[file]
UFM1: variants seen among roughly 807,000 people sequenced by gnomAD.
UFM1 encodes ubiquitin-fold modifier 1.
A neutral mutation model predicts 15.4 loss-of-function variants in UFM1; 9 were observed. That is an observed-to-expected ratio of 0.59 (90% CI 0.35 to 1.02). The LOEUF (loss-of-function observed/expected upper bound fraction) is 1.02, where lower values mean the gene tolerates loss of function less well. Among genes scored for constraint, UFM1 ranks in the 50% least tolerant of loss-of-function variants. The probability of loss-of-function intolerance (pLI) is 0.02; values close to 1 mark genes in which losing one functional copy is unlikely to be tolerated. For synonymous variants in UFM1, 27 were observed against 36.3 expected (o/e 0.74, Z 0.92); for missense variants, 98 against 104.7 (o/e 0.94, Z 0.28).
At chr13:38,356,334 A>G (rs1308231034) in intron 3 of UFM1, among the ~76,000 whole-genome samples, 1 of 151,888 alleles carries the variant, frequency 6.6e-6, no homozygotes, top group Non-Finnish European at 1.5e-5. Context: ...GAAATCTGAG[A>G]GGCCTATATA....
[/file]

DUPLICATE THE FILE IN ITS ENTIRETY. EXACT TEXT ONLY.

UFM1: variants seen among roughly 807,000 people sequenced by gnomAD.
UFM1 encodes ubiquitin-fold modifier 1.
A neutral mutation model predicts 15.4 loss-of-function variants in UFM1; 9 were observed. That is an observed-to-expected ratio of 0.59 (90% CI 0.35 to 1.02). The LOEUF (loss-of-function observed/expected upper bound fraction) is 1.02, where lower values mean the gene tolerates loss of function less well. Among genes scored for constraint, UFM1 ranks in the 50% least tolerant of loss-of-function variants. The probability of loss-of-function intolerance (pLI) is 0.02; values close to 1 mark genes in which losing one functional copy is unlikely to be tolerated. For synonymous variants in UFM1, 27 were observed against 36.3 expected (o/e 0.74, Z 0.92); for missense variants, 98 against 104.7 (o/e 0.94, Z 0.28).
At chr13:38,356,334 A>G (rs1308231034) in intron 3 of UFM1, among the ~76,000 whole-genome samples, 1 of 151,888 alleles carries the variant, frequency 6.6e-6, no homozygotes, top group Non-Finnish European at 1.5e-5. Context: ...GAAATCTGAG[A>G]GGCCTATATA....